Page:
That was the question asked and answered by Cardinals’ general manager John Mozeliak after it was announced this past February that Chris Carpenter was being placed on the disabled list, theoretically ending his season before it even started. Carpenter was faced with numbness in his entire right arm thanks to multiple surgeries including an operation in 2012 that removed a rib from his chest. Yet here we are, just 5 months later, watching Carpenter baffle hitters with a blistering curveball.
Carpenter made his first start of the 2013 season on Monday night for the Double-A Springfield Cardinals and although there was some obvious rust, he looked solid against the Arkansas Travelers (Los Angeles Angels affiliate) lineup. Carpenter was able to complete 2.2 innings of work while allowing 3 runs on 6 hits (one homer) to go along with 5 strikeouts and 2 walks.
This wasn’t how things were supposed to be for the New York Yankees. The All-Star cavalry was supposed to return to buoy what is an otherwise uninspiring roster of 30-something misfits. Curtis Granderson and Mark Teixeira were supposed to return to spell the likes of Vernon Wells and Lyle Overbay in a spirited 2nd half sprint to the playoffs. But that’s not exactly how things have worked out in the Bronx. Teixeira’s now done for the year thanks to surgery, Granderson played in 8 whole games before hitting the DL again, and the entire left side of the infield has fewer at-bats than All-Star appearances.
From this day forward I think we can all agree to never, under any circumstance, question what Brian Cashman is doing again. The Yankees general manager took a verbal beating from almost every sports writer this winter over the moves, or lack thereof, that he was making. Signing Travis Hafner? Nah, he’s too old and brittle. Kevin Youkilis? No way jose, he’s a one of those Red Sox, plus he can’t hit anymore. How about swapping for Vernon Wells? Ha, don’t make me laugh.
These lackluster acquisitions, plus numerous injuries to the roster, were supposed to finally sink a Yankee ship that appeared to be too battered from years of battles to stay afloat. Yes, Robinson Cano and CC Sabathia were still aboard, but they weren’t going to be able to make up for the loss of Derek Jeter, Mark Teixeira, and Curtis Granderson, among others. The hope was that the replacements would hold the fort until the cavalry made their way back. But that hasn’t been the case this season. Buoyed by an excellent pitching staff, a deep bullpen, and some surprise offensive breakouts from Cashman’s reserves, the Yankees have gotten off to a rousing 19-13 start that has defied even the biggest optimists expectations.
Every single Major League team now has 30 games under their belts, which gives us enough data to start surveying the MLB landscape looking for surprises and disappointments. Fans in Boston, Kansas City, and Denver have to be thrilled with their respective teams hot starts.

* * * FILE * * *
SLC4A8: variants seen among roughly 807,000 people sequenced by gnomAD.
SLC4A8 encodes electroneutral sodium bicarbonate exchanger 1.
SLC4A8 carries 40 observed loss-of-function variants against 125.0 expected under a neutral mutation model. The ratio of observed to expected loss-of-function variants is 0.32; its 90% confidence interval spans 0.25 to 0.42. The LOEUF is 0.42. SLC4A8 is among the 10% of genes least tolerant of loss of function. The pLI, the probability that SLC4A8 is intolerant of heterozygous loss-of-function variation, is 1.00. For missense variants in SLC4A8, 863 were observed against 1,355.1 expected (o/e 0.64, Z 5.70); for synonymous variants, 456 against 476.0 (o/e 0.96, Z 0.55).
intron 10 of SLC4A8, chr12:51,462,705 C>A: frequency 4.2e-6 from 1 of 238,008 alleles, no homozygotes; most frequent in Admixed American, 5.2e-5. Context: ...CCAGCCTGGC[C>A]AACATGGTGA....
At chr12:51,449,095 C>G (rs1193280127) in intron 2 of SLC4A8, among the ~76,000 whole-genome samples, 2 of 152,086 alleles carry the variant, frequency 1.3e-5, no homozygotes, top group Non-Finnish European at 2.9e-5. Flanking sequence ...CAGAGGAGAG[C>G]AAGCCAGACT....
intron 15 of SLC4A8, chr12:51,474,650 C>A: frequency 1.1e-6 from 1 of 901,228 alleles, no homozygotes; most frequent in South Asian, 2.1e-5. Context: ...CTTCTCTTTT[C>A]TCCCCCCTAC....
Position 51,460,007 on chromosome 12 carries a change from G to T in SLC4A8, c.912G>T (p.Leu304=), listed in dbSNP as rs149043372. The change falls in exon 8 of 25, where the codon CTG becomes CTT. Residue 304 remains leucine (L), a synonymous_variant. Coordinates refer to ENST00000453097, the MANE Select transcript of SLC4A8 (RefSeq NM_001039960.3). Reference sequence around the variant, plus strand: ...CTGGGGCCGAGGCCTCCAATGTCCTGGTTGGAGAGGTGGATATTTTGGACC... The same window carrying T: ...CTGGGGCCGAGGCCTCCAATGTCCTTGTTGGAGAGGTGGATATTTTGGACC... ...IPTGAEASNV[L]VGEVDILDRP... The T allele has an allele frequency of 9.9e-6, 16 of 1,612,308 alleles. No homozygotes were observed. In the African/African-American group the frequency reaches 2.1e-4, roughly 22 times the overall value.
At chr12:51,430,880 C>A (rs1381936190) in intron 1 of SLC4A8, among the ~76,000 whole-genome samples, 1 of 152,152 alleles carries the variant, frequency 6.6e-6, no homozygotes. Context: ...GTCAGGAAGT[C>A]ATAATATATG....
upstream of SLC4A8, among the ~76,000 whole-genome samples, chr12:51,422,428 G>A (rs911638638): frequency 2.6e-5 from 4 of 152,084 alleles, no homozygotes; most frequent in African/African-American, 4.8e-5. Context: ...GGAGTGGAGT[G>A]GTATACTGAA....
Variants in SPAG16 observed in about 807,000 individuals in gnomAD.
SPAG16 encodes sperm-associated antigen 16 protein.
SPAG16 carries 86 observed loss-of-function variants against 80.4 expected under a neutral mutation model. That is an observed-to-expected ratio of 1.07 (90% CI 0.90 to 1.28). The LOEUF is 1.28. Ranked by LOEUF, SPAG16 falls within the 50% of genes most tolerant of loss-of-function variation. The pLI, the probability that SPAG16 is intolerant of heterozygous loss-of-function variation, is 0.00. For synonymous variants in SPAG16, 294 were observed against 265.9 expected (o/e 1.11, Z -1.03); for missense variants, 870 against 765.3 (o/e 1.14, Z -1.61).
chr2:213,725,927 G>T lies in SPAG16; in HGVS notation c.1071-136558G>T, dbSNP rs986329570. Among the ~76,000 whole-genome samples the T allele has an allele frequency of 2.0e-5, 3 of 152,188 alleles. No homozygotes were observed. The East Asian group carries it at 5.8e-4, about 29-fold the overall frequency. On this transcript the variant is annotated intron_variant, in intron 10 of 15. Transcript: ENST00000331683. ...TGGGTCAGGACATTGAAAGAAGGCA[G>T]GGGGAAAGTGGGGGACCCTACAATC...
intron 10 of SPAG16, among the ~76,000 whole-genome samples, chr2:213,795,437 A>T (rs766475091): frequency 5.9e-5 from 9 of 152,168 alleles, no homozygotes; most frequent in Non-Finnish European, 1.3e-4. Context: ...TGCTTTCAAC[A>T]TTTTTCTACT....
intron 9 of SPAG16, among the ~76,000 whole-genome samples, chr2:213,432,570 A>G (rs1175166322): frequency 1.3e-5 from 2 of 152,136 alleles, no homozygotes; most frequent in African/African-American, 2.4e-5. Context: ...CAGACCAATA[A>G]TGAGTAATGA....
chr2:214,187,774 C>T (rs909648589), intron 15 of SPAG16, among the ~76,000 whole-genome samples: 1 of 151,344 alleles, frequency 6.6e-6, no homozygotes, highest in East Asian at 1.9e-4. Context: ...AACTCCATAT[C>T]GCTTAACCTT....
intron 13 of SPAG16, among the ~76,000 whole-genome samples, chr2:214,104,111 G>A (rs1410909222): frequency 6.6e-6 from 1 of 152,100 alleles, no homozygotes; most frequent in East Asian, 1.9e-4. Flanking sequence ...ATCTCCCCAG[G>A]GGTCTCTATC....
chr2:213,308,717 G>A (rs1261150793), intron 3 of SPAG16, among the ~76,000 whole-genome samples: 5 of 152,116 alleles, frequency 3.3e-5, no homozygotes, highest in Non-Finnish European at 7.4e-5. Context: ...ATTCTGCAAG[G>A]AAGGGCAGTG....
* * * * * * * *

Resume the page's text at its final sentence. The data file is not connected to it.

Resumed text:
However, for fans in other cities things haven’t been as bright. The Toronto Blue Jays were handed the AL East by most pundits before the season even began and they’ve fallen flat on their face out of the gate, carrying a 10-21 record that only the Houston Astros and Miami Marlins are envious of. Things are also starting to get dicey in Anaheim, where the Angels have once again stumbled in the early weeks of the season. Their supposedly vaunted offense has yet to earn its pay, thanks to its middle of the pack ranking in the AL in runs scored, and L.A.’s pitching staff minus Jered Weaver has been a disaster.
They’re not the only cities that are getting anxious about their ball club’s slow start either. Fans in Philadelphia were hoping that a once-great pitching staff led by Roy Halladay, Cole Hamels, and Cliff Lee could rebound to carry the Phillies to the playoffs, but that hasn’t materialized thus far. The Dodgers were imagining themselves as the west coast Yankees with a budget to match. So far all that lavish spending has gotten them is 4th place and a struggling Matt Kemp.Even the handful of fans that attend Rays games have to feel a little nervous in the AL East watching their starting nine drop to 1-6 in games started by Cy Young winner David Price.
Normally when the ace of your rotation is able to dodge a smash hit right back up the middle it’s a good thing. But for Angels’ ace Jered Weaver that’s not exactly the case. Weaver landed awkwardly on his left arm while dodging a come backer that was sent screaming off the bat by the Rangers’ Mitch Moreland and after having being examined on Monday it was determined that he had broken his elbow.
When Cardinals starter/bulldog Chris Carpenter announced that he was going to miss the entirety of the 2013 season with shoulder numbness, it put the St. Louis rotation in a temporary state of flux. Not that this state of flux is a bad thing. Actually, it’s quite the contrary. The Cardinals have weathered injuries to key members of their starting rotation before and they appear more prepared than ever to replace their long-time workhorse. A plethora of young, talented, and hard-throwing starting pitchers stand ready to take Carpenter’s place, which should lead to an intriguing battle for the last couple of spots in the Cards’ rotation. The candidates:
The American League Championship Series got off to a rousing start last night before, ultimately, ending on a sour note. Tigers closer Jose Valverde continued his season long battle with the save, giving up a pair of 2-run homers and a 4-0 lead to the Yankees in the bottom of the 9th. A couple innings later, the Tigers were able to parlay an atrocious display of defense by Nick Swisher and some timely hits into a pair of 12th inning runs to escape with a 1-0 series lead. The game was particularly disastrous for New York because not only did they hand over home-field advantage, captain Derek Jeter was also lost for the rest of the playoffs due to a broken ankle.